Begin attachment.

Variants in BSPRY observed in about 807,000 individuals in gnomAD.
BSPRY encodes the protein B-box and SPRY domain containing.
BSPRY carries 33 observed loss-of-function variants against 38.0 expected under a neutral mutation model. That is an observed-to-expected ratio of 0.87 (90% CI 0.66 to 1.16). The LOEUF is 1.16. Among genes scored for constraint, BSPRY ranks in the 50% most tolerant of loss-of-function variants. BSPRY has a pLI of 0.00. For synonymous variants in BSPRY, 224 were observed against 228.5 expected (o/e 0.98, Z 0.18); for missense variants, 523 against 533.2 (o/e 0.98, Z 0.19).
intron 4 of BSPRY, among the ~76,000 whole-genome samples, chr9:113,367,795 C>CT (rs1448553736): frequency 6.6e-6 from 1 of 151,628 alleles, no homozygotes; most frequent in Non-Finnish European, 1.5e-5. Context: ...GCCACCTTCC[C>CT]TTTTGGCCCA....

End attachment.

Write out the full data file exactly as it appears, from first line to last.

Variants in BSPRY observed in about 807,000 individuals in gnomAD.
BSPRY encodes the protein B-box and SPRY domain containing.
BSPRY carries 33 observed loss-of-function variants against 38.0 expected under a neutral mutation model. That is an observed-to-expected ratio of 0.87 (90% CI 0.66 to 1.16). The LOEUF is 1.16. Among genes scored for constraint, BSPRY ranks in the 50% most tolerant of loss-of-function variants. BSPRY has a pLI of 0.00. For synonymous variants in BSPRY, 224 were observed against 228.5 expected (o/e 0.98, Z 0.18); for missense variants, 523 against 533.2 (o/e 0.98, Z 0.19).
intron 4 of BSPRY, among the ~76,000 whole-genome samples, chr9:113,367,795 C>CT (rs1448553736): frequency 6.6e-6 from 1 of 151,628 alleles, no homozygotes; most frequent in Non-Finnish European, 1.5e-5. Context: ...GCCACCTTCC[C>CT]TTTTGGCCCA....